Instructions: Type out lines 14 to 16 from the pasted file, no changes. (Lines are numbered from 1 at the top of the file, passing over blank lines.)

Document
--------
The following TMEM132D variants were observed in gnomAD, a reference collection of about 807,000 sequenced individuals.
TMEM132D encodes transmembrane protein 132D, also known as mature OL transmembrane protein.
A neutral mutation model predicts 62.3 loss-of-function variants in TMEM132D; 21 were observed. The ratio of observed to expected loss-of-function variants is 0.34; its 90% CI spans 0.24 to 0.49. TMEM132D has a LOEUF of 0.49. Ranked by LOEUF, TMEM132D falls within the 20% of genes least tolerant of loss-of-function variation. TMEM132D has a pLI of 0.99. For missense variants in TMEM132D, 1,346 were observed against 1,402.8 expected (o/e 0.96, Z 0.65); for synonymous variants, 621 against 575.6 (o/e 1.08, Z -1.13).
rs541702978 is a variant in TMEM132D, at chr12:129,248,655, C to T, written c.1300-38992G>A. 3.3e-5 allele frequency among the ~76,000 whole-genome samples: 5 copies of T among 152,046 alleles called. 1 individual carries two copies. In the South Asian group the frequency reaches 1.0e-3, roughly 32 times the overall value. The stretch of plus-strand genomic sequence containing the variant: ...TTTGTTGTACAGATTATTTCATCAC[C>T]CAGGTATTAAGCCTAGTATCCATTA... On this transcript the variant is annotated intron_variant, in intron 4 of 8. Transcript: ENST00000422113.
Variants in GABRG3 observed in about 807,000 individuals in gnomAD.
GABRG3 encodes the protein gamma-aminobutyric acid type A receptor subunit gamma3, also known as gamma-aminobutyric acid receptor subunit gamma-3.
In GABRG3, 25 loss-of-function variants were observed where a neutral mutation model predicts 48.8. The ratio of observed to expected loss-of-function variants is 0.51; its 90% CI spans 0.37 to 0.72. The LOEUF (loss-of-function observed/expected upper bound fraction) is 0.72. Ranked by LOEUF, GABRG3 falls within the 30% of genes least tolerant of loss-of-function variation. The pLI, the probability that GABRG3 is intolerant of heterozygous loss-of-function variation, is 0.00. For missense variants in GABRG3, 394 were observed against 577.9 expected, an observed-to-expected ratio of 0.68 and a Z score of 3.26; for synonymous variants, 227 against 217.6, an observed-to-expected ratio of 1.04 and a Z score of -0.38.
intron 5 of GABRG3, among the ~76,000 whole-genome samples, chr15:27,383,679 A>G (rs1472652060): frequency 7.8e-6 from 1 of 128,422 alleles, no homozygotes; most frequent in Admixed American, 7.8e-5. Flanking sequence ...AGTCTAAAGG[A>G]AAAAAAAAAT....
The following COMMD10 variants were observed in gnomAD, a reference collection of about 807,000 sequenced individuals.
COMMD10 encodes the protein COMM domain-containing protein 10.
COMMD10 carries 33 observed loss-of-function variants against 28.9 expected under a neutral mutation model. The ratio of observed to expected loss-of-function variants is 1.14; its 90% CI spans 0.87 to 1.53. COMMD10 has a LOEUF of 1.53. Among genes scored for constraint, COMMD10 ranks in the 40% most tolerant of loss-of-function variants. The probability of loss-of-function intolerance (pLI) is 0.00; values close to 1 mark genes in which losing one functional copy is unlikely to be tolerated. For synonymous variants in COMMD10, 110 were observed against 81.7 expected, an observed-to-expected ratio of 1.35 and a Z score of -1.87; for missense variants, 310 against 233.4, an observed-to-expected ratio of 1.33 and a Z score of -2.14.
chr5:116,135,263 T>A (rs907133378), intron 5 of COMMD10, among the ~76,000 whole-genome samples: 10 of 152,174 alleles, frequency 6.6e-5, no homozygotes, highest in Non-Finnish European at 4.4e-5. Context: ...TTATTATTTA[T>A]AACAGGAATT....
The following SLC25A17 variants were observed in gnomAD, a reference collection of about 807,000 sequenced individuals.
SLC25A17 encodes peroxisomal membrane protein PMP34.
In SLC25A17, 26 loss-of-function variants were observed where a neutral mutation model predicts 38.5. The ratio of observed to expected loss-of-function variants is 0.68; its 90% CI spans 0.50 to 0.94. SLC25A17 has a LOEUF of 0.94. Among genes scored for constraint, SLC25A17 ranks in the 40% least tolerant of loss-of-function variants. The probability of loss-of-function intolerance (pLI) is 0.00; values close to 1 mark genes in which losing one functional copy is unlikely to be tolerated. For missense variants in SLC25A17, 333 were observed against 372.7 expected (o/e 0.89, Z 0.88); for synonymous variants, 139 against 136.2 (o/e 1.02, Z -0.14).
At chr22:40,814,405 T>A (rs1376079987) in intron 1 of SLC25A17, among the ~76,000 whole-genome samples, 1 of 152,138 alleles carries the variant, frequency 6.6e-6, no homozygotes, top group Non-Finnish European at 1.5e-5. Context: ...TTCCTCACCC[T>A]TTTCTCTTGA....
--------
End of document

SLC25A17 encodes peroxisomal membrane protein PMP34.
In SLC25A17, 26 loss-of-function variants were observed where a neutral mutation model predicts 38.5. The ratio of observed to expected loss-of-function variants is 0.68; its 90% CI spans 0.50 to 0.94. SLC25A17 has a LOEUF of 0.94. Among genes scored for constraint, SLC25A17 ranks in the 40% least tolerant of loss-of-function variants. The probability of loss-of-function intolerance (pLI) is 0.00; values close to 1 mark genes in which losing one functional copy is unlikely to be tolerated. For missense variants in SLC25A17, 333 were observed against 372.7 expected (o/e 0.89, Z 0.88); for synonymous variants, 139 against 136.2 (o/e 1.02, Z -0.14).
At chr22:40,814,405 T>A (rs1376079987) in intron 1 of SLC25A17, among the ~76,000 whole-genome samples, 1 of 152,138 alleles carries the variant, frequency 6.6e-6, no homozygotes, top group Non-Finnish European at 1.5e-5. Context: ...TTCCTCACCC[T>A]TTTCTCTTGA....